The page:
Optimizing therapy for dry eye disease (keratoconjunctivitis sicca, also known as dysfunctional tear syndrome) before cataract surgery improves visual outcomes. This can be especially important in patients who desire excellent refractive outcomes with the placement of premium intraocular lenses (IOLs), such as toric and multifocal lenses. There are numerous aqueous-layer supportive treatments, allowing for customization to the patient, including
topical preserved and nonpreserved liquid tear preparations, gels, and ointments
topical cyclosporine or lifitegrast
For additional detail on dry eye therapy, see BCSC Section 8, External Disease and Cornea.
During the procedure, the surgeon can prevent desiccation of the corneal epithelium by frequently hydrating the area with irrigating solution or by coating the cornea with a topical ophthalmic viscosurgical device (OVD). Visual recovery may be delayed if the dry eye condition is exacerbated; for such patients, preoperative or postoperative placement of punctal plugs can be helpful.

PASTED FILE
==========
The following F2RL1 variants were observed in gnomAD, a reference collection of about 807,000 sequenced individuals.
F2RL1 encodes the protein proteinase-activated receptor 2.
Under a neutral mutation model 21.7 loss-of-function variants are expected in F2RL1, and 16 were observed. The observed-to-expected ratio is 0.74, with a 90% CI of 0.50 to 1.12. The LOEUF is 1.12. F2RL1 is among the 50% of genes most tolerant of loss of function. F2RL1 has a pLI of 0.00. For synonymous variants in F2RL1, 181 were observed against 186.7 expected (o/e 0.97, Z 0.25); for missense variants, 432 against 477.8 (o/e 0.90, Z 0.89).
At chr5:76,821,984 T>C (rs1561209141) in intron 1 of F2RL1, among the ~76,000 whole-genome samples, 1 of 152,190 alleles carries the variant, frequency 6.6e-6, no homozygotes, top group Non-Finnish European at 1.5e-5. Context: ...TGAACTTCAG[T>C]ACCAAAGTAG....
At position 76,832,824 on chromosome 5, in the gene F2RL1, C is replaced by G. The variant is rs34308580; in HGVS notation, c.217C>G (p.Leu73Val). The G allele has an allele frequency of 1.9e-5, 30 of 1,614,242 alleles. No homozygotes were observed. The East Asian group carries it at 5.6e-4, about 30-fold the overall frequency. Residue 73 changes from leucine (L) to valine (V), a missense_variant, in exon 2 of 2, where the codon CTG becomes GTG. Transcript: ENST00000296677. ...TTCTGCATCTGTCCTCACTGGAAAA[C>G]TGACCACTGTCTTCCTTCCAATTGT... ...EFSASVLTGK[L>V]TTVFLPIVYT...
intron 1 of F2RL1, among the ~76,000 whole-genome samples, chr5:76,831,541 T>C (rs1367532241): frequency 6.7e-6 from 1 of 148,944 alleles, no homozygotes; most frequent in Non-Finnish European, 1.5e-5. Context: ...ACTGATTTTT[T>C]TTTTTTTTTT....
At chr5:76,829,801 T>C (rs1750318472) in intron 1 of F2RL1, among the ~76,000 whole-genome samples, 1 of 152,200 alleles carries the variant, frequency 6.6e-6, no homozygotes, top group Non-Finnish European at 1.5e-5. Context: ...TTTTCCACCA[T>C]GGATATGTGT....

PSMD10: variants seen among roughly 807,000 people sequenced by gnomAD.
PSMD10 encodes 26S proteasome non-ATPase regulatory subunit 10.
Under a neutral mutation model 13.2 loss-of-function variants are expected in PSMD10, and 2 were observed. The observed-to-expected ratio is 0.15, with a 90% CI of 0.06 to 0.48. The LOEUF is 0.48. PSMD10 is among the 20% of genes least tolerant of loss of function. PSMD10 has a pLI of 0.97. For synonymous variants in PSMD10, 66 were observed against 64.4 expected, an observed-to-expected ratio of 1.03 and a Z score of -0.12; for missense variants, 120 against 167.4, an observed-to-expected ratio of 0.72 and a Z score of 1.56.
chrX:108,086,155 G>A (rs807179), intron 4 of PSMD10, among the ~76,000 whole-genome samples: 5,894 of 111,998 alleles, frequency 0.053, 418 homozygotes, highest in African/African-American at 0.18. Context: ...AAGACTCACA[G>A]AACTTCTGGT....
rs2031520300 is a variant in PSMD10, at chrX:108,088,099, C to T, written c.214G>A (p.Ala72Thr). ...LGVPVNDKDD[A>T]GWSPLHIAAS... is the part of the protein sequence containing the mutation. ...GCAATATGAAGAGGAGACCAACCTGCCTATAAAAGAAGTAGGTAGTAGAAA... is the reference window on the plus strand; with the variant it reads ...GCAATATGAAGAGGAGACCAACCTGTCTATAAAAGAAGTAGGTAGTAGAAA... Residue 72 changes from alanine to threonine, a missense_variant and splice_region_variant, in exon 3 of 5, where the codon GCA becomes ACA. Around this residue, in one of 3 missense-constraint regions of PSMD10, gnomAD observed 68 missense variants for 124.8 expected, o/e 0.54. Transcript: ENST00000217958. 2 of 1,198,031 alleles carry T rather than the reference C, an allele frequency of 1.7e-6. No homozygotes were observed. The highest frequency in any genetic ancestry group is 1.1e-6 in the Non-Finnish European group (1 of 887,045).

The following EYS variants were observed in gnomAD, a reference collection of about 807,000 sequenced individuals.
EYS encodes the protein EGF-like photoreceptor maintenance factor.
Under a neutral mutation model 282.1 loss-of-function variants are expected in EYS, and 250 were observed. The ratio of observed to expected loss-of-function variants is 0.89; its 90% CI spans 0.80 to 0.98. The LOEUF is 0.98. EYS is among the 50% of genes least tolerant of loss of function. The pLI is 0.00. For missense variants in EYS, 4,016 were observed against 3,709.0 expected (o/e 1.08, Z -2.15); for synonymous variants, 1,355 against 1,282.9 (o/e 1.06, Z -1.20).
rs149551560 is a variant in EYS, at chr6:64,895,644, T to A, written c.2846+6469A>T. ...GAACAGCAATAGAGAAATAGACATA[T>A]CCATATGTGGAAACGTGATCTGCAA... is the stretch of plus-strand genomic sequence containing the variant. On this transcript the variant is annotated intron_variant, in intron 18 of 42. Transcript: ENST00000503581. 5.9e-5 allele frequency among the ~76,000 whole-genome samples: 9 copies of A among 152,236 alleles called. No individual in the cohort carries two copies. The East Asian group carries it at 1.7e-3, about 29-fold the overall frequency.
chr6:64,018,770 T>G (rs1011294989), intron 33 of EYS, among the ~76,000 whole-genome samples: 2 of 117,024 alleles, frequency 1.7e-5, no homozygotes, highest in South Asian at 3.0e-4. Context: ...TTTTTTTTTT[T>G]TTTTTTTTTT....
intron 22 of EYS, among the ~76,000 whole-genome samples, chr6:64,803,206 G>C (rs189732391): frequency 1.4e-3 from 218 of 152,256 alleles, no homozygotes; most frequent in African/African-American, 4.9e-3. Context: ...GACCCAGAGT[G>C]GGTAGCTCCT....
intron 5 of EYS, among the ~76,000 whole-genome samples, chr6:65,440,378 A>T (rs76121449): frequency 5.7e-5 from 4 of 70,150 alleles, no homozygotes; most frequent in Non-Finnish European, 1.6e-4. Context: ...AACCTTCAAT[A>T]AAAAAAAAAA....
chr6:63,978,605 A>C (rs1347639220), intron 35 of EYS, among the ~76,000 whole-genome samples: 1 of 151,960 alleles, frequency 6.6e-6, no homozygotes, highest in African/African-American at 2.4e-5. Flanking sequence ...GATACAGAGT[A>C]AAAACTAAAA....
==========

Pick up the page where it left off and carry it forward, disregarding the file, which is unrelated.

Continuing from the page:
Patients with dry eyes associated with collagen vascular disease, rheumatoid arthritis, Sjögren syndrome, mucous membrane pemphigoid, or Stevens-Johnson syndrome present a special challenge to the cataract surgeon. Close observation of these patients in the weeks following surgery is warranted to identify and treat toxic keratoconjunctivitis and corneal ulceration resulting from collagenase activation secondary to postoperative corticosteroid therapy. If prescribed, topical nonsteroidal anti-inflammatory drugs (NSAIDs) should be used with caution because of the increased risk of corneal melting. In extreme cases, persistent epithelial defects with stromal loss may require a bandage (therapeutic) contact lens, tarsorrhaphy, or an amniotic membrane transplant.
Excerpted from BCSC 2020-2021 series: Section 11 - Lens and Cataract. For more information and to purchase the entire series, please visit https://www.aao.org/bcsc.